Broadway and off-Broadway shows are not on the best terms these days with cell phones.
Madonna was reportedly caught texting during an April 18 performance of “Hamilton.”
Tony winner Patti LuPone is said to have snatched the phone out of a texting audience member’s hands on July 8 during “Shows for Days” at Lincoln Center.
And then, there was the July 10 incident of a Long Island teen trying to charge his cell phone with an on-set outlet at a performance of the play “Hand to God.”
Discussing the already-infamous “Hand to God” attempted-charging occurrence, legendary magician Teller — now back on Broadway with longtime partner Penn Jillette — had some choice words. “How (expletive deleted) psychotic is that?” asked Teller, adding, “That’s perfectly astounding.”
The magical duo of Penn and Teller is marking its 40th anniversary in 2015 with a return to Broadway, cell phones and all. The show, “Penn and Teller on Broadway,” is playing through Aug. 16 at the Marquis Theatre on 46th Street between Broadway and 8th Avenue
The pair — Jillette is towering and loquacious, while the diminutive Teller remains silent on stage — opens the show with a piece alternately titled “Turn on Your Cell Phones” and/or “Cell Fish,” which finds Jillette instructing the audience to, appropriately enough, make sure their cell phones are turned on.
“That whole trick came from Penn saying to me, ‘You know, I’m so sick of those cell phone announcements at the beginning, which are so intrinsically insulting to the audience,’ ” Teller recalled. “I mean, I don’t really mind them because sometimes I forget and leave my cell phone on. But they’re so often done in such an arch way that they feel like here you are, in elementary school. And, Penn said, ‘I wish I could just walk out on stage and say, “OK, take out your cell phones and turn them on,” ’ and it was from that that the trick arose. We were looking to create a trick that would satisfy that promise.”
Classroom announcements are something Teller should know a thing or two about. Before joining forces with Jillette in 1975, the Philadelphia native spent six years teaching Latin at Lawrence High School in the Trenton suburb of Lawrence Township.
“I enjoyed it, it was a fine occupation,” Teller said of his teaching days in New Jersey. “It wasn’t my absolute dream, which what I’m doing now is, but it was nice.”
But Teller, 67, recalled that he did apply some of his own flourishes to Lawrence High School’s Latin curriculum in his time.
“The textbooks were terribly dry, they all taught people to read the kind of Latin that Julius Caesar wrote, which I find quite tedious,” he said. “I mean, Julius Caesar is an author you can read in translation and enjoy just fine, he’s not like Virgil or Catulus or any of the Latin writers who are so rich in their use of the peculiarities of Latin. So, I threw Julius Caesar out the window — which saved Brutus the trouble to stabbing him — and I wrote four levels of Latin readers that were all based toward teaching kids to read Virgil in the second year.”
Teller, who has been performing magic since he was 5, even applied some of his signature visceral showmanship to his teaching.
“My inclination towards performance informed my work in the classroom,” he said. “My Latin readers were pretty full of humor and violence because I like those things in the arts.”
A magical return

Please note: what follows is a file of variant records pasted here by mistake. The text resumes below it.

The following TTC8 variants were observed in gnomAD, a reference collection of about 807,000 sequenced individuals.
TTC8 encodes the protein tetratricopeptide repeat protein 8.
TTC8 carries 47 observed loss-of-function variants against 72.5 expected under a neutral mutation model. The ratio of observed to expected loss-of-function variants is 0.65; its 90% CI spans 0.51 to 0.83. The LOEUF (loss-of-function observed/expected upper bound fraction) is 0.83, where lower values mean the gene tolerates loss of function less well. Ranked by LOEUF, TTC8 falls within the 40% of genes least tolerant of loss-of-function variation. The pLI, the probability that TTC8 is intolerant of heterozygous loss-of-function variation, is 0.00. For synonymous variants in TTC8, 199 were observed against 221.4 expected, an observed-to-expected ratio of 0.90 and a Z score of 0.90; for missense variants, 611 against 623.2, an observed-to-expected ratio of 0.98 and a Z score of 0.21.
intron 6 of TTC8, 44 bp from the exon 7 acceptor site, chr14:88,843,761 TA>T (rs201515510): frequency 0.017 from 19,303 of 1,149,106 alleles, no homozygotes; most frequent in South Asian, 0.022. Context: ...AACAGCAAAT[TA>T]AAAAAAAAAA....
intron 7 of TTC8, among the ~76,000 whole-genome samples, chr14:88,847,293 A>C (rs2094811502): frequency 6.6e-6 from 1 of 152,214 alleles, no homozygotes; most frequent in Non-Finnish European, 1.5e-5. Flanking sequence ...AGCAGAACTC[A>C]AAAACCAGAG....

Penn and Teller made their off-Broadway debut in 1985 and had Broadway runs in 1987 and 1991. The duo debuted in Las Vegas in 1993 and has been at the Rio since 2001, making the magicians the longest-running headliners to play in the same Las Vegas hotel.
The latest Broadway show serves as a retrospective of sorts, drawing on every era of Penn and Teller’s career. There’s “East Indian Needle Mystery,” the first trick Jillette ever saw Teller do at an area theater in the mid-’70s, and “10-in-1,” a powerful dramatic monologue and fire-breathing routine by Jillette that closed the 1987 Broadway show. There are a number of tricks, like the opener and “Psychic Comedian,” that can be seen at the Rio, and even a few additions.
Among the new numbers is one that is, rather mistakenly, thought of as an old stand-by: pulling a rabbit out of a hat.
“No one has seen it,” Teller said of the iconic illusion.
Inspiration for the trick, Teller said, came backstage during Penn and Teller’s 2014 engagement at London’s Hammersmith Apollo. They were speaking with Paul Kieve, who designed the illusions for the musical adaptation of “Ghost,” when Kieve made a passing comment about pulling a rabbit out of a hat.
“And, I realized that I had never seen it, never in my life,” Teller said. “I’ve been doing magic now for 62 years, … and I’ve never seen that trick.
“ … And of course, you have to loan the top hat to the audience member in order to borrow it back — but I’ve never seen that pure, simple, clean image. And the reason is because it’s almost impossible.”
Ultimately, it took a reported six months of work by Teller, Jillette and fellow magicians to perfect the trick, one of the highlights of the show at the Marquis.
“We are not using any method that I know of anybody ever to have used because none of them are any good, they’re all too obvious,” Teller said. “So we developed, we invented the rabbit from the hat from scratch, in order to be able to do it there.
“One of the things I’ve noticed in people commenting on the show is they go, ‘Oh, and they’re doing the old rabbit from the hat trick.’ No, no we’re not. We read about the rabbit from the hat trick and then we invented it.”
It turns out that 40 years into their career, Jillette and Teller still have a few new tricks up their sleeves.
“It is the great part of the adventure, being in this occupation,” Teller said. “There are always discoveries to be made.”